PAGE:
A North Somerset family is hoping to raise awareness of the symptoms of juvenile diabetes to make sure children are diagnosed in time.

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A MUM from North Somerset is desperately trying to raise awareness of juvenile diabetes after her son was diagnosed with the condition at the age of four.

Louise Bloxham noticed something was wrong with Finlay last July when he had an ‘incredible thirst’ for a few days and began wetting the bed.

Knowing a few symptoms of diabetes, Louise took her soon and a urine sample to the doctors to be tested.

She said: “As soon as he was diagnosed he was taken to Bristol Children’s Hospital and put on insulin. Failure to do so leads to a life-threatening condition called diabetic ketoacidosis (DKA) within hours.

“He was in hospital for three days, it was awful. He was put on a regime of two insulin injections a day which was very traumatic to begin with.

“But by November he was doing his own injections, while supervised. He wanted to take control. He’s been a little star, but I wish I could give him back his carefree childhood.”

Louise now wants to make other parents aware of the symptoms as research has shown the incidence of type one diabetes in children under five has increased fivefold in the past 20 years.

The reason for the increase is unknown, but it has nothing to do with an unhealthy diet which is linked to type two diabetes.

Type one diabetes is an auto immune disease caused by the destruction of insulin-producing cells in the pancreas.

The absence of insulin leads to increased sugar in the blood and urine and symptoms include an increased thirst and hunger, frequent urination, weight loss and excessive tiredness.

Louise said: “Everyone knows the symptoms of meningitis but type one diabetes is five times more common and very few people are aware of the symptoms.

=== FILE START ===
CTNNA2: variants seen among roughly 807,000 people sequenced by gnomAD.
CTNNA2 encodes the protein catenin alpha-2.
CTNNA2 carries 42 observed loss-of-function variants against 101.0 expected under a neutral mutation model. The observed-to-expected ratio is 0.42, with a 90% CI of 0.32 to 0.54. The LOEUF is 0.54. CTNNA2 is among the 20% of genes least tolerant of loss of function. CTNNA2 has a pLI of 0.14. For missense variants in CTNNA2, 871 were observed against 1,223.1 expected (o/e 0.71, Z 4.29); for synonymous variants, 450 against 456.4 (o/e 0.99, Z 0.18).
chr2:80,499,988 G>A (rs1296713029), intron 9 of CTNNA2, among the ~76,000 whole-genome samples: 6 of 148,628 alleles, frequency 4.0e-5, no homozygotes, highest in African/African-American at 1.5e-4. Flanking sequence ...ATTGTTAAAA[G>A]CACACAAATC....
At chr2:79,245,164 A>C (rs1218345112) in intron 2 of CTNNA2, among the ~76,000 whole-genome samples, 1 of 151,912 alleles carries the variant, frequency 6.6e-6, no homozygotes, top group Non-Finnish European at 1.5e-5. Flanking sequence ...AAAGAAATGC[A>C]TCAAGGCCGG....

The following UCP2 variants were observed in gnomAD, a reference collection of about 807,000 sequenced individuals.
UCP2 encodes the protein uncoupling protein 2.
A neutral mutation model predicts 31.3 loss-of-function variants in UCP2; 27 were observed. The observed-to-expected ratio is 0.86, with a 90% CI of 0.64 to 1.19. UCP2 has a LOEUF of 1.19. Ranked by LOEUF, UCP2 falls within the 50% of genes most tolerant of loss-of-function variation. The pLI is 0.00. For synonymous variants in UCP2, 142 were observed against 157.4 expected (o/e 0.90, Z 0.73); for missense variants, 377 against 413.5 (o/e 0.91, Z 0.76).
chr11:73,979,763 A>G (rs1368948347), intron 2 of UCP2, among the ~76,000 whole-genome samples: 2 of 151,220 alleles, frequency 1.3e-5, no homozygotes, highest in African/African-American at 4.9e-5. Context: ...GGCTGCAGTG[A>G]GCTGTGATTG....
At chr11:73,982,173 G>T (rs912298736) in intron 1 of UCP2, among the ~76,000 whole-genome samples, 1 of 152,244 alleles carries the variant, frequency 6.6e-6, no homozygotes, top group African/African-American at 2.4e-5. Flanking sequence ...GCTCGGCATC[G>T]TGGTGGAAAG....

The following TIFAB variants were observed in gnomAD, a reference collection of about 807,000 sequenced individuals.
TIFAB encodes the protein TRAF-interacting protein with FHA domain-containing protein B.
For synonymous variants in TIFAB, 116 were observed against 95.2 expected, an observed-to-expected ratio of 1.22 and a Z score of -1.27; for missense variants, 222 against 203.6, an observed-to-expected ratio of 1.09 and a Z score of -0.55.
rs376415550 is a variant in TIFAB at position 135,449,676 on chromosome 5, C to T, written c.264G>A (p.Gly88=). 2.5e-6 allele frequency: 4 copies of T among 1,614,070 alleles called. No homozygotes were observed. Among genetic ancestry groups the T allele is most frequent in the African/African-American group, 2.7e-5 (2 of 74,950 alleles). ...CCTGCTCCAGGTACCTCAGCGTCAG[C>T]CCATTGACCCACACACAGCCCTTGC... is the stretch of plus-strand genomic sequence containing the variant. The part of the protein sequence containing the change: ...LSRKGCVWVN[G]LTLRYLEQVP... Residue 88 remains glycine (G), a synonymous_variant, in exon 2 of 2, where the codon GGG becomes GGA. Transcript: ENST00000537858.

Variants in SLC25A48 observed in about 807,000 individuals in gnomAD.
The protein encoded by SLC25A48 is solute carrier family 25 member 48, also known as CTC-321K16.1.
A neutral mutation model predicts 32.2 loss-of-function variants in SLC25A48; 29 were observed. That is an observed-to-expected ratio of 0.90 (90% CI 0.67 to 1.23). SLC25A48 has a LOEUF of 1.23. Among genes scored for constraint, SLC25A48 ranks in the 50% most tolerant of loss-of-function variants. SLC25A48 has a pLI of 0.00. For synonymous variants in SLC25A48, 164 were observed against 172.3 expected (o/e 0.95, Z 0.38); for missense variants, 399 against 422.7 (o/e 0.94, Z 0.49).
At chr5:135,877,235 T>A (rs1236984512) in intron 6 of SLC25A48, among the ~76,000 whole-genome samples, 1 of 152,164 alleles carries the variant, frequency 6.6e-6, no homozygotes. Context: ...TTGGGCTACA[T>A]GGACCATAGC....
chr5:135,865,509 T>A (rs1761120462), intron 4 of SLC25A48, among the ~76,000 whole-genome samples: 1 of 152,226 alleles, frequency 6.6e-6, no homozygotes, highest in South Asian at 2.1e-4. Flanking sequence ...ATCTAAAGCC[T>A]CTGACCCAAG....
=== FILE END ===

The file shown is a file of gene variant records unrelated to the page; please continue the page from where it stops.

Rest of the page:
“I’ve read about numerous children who end up in DKA in intensive care because parents and doctors haven’t noticed the symptoms.”

Finlay, who attends Flax Bourton Primary School, has at least two insulin injections a day and eight-10 blood tests to check his blood sugar levels.

His parents have to measure the amount of carbohydrates in each meal and Louise has to test Finlay’s blood sugar levels throughout the night in case his blood sugars dip dangerously low.

She said: “Living with diabetes you have the constant worry about hypos and the fears about the devastating long term effects of highs.”

Louise, from Long Ashton, has now set up a North Somerset support group to help people who have children suffering from type one diabetes.

The group meets once a month at the Full Quart in Hewish. Anyone interested in joining can email Louise at louise.bloxham@gmail.com

The Bloxham family is also taking part in a walk to raise funds for the Juvenile Diabetes Research Foundation in September. To sponsor them visit www.justgiving.com/Louise-Bloxham

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